MR. DOERR: I told Doug last night that I probably wouldn't object to it, but * * * [a]fter looking at the cases dealing with lesser included and lesser degrees of offense and lesser included offenses, I'm of the opinion that if there's no evidence of a lesser included offense or lesser degree of the offense, it doesn't have to be given.

BY THE COURT: I think that's correct. Defendant's instruction * * * is refused."

Thereafter, the jury was instructed solely on the offense of felony theft. The jury returned a verdict finding the defendant guilty of theft of property having value in excess of $150. The trial court entered judgment on that verdict and the sentence of defendant was thereafter imposed.

• 1, 2 As we had noted previously, the defendant here argues only that the State's evidence of value was not so compelling as to preclude a misdemeanor theft conviction, had the jury been so instructed, and that by refusing the misdemeanor theft instructions tendered by the defendant, the trial court took away the jury's prerogative to view the evidence. It is clear that the value of the property stolen is a material element of the offense of felony theft. As we held in People v. Clement (3d Dist. 1975), 28 Ill. App.3d 136, 137, 327 N.E.2d 601:

"The statute, section 16-1(a) of the Criminal Code (Ill. Rev. Stat. 1971, ch. 38, par. 16-1(a)), provides in substance that the theft of property of a value of more than $150 is a felony and property valued at any lesser amount is a misdemeanor. Proof of value has always been of significance in theft cases where the punishment to be imposed depended on the value of the property taken."

We also held in People v. Brown (3d Dist. 1976), 36 Ill. App.3d 416, 420-21, 343 N.E.2d 700:

"To sustain a felony conviction for theft, rather than a misdemeanor, the value of the stolen property must be proven to be in excess of $150. [Citations.] The criterion used in determining value in theft cases is the fair cash market value at the time and place of the theft. [Citations.] Cost is not the standard, whether it be original cost or replacement cost. People v. Stewart, 20 Ill.2d 387, 169 N.E.2d 796; People v. Rose, 19 Ill.2d 292, 166 N.E.2d 566; People v. Hayes, 133 Ill. App.2d 885, 272 N.E.2d 423."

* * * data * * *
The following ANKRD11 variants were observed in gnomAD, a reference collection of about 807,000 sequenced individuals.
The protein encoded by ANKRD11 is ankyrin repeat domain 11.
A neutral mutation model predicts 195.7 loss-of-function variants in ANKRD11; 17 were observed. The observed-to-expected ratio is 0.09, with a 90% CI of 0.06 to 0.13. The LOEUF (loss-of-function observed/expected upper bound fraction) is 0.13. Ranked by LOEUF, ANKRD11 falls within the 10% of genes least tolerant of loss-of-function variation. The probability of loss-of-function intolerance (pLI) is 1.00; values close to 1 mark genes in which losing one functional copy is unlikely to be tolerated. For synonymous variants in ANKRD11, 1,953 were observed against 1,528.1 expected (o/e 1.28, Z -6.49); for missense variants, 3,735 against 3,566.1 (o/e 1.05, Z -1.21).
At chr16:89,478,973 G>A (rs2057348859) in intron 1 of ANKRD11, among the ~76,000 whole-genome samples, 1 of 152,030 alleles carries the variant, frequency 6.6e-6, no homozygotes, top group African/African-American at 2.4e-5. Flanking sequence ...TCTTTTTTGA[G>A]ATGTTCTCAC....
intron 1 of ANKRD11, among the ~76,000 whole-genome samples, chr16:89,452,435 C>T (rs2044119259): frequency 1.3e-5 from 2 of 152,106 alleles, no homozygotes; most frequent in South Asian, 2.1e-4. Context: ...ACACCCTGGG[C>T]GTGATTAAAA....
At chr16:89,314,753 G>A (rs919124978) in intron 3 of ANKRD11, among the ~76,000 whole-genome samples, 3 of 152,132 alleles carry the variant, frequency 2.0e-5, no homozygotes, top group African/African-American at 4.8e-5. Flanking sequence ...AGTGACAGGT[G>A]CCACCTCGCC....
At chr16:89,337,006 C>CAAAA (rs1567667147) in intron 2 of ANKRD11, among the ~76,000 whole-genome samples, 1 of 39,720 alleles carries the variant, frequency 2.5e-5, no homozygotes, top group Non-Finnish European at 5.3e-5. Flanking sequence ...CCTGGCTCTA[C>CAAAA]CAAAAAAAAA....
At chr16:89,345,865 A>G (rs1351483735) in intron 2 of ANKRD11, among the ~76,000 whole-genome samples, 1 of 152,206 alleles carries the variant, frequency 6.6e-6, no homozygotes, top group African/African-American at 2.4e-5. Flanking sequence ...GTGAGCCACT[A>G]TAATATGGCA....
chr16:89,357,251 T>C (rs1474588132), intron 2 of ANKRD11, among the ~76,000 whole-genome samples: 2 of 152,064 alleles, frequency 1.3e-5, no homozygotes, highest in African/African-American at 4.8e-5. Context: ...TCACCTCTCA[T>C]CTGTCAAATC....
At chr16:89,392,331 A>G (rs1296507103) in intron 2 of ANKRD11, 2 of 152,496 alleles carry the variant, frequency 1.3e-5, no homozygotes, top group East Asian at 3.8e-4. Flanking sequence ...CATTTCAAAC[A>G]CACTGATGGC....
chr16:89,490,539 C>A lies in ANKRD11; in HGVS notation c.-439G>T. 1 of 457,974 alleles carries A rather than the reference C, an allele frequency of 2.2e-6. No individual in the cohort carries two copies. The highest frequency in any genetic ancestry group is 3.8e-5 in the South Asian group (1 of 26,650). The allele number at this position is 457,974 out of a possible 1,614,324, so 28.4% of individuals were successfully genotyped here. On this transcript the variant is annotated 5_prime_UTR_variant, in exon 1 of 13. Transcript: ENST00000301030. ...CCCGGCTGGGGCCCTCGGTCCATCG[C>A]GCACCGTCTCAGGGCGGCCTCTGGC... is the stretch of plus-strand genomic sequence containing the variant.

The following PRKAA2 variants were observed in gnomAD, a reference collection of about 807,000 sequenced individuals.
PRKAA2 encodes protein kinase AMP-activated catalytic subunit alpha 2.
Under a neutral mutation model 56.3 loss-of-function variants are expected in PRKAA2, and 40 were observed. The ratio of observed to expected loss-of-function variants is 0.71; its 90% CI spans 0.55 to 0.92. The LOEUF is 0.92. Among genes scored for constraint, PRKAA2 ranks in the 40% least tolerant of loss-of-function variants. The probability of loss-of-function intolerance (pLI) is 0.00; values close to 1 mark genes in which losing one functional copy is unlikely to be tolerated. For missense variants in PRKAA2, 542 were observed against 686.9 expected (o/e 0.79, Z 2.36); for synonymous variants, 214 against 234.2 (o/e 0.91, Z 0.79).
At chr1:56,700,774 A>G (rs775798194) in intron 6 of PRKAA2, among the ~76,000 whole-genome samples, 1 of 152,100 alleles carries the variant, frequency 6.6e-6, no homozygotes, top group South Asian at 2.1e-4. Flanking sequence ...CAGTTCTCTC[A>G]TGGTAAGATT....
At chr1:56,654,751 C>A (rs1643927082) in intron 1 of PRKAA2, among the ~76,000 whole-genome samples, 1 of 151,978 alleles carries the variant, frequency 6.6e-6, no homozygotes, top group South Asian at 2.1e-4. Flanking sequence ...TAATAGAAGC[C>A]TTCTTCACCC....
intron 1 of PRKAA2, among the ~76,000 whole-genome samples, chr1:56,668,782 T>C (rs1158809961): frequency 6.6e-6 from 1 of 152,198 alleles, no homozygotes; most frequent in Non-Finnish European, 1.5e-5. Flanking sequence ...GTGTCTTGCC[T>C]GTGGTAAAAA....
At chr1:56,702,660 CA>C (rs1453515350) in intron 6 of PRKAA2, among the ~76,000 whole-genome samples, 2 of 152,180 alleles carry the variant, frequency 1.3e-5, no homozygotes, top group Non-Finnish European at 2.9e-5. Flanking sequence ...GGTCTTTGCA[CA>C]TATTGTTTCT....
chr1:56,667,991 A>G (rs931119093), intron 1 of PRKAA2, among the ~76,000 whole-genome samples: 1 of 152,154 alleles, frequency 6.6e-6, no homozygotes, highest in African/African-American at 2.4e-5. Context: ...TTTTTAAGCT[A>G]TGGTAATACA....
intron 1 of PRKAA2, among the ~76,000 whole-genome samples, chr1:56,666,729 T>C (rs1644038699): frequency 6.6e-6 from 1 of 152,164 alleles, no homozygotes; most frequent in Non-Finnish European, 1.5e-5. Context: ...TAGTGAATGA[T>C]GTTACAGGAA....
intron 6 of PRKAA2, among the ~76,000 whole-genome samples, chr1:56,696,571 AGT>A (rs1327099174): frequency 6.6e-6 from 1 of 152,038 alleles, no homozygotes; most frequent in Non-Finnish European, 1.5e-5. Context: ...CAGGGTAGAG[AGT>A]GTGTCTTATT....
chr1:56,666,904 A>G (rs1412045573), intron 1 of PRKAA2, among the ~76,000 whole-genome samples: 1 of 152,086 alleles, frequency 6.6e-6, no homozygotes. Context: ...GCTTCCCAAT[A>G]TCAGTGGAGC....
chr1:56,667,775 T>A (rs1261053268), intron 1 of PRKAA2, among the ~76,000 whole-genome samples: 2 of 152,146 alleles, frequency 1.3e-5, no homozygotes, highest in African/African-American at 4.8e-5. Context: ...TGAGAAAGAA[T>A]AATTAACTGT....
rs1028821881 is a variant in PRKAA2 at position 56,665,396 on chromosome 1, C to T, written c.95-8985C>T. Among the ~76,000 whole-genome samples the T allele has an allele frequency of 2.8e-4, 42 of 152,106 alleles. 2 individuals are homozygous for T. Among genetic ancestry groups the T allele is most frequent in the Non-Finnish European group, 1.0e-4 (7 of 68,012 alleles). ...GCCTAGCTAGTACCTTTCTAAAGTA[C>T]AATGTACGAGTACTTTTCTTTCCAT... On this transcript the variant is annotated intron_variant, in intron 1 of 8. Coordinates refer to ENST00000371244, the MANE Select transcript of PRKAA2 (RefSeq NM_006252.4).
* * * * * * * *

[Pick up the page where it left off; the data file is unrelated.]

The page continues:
In the instant case, the uncontradicted testimony placed the value of the hams at $215.65. While there was evidence that the store marked up the goods 25%, that fact is not controlling. Since the hams were stolen from a retail market, their retail value, not their cost, is the relevant value for consideration.

• 3 We also held in People v. Williams (3d Dist. 1974), 24 Ill. App.3d 666, 669, 321 N.E.2d 74, that:

"With respect to the issue relating to the instruction on the lesser included offense, if there is any evidence which tends to prove the lesser rather than the greater offense, defendant is normally entitled to such an instruction. (People v. Papas, 381 Ill. 90, 44 N.E.2d 896.)"

We also concluded in People v. Clement at 28 Ill. App.3d 136, 137:

"There can be little doubt but that People v. Swinson, 406 Ill. 233, 92 N.E.2d 758, holds the trial court was without authority to consider a theft conviction a felony where the jury failed to include a finding or determination of the value of the property taken. * * *"

In that case we discussed People v. Harden, 42 Ill.2d 301, 306, 247 N.E.2d 404, where the court noted that in addition to proof of other elements of the offense, proof that the property taken had a value of more than $150 was essential to establish a felony conviction. We stated in that case that the defendant was required to take some action in the trial court in support of any claim that that he might have that the value of property taken makes the offense a misdemeanor.

• 4 It is, therefore, clear that a defendant charged with felony theft, in order to be entitled to instructions on misdemeanor theft, must first establish that the evidence before the trial court contains some evidence which tends to prove misdemeanor theft rather than felony theft. Otherwise the misdemeanor theft instruction is not required to be given to the jury. Defendant in the instant case points to no evidence in the trial court which tended to prove that the value of the stolen hams was less than $150, rather than above $150. As a matter of fact, in the cause before us the value of the hams, if determined on a cost basis actually exceeded $150 and would total the sum of $161.73 if the so-called 25% markup were deducted. In view of the record in this case, therefore, we believe that the trial court did not commit reversible error in refusing to instruct the jury on misdemeanor theft, on the basis that proof at the trial contained no evidence tending to prove the lesser rather than the greater offense. For the reasons stated the judgment of the Circuit Court of Rock Island County is affirmed.


STOUDER and SCOTT, JJ., concur.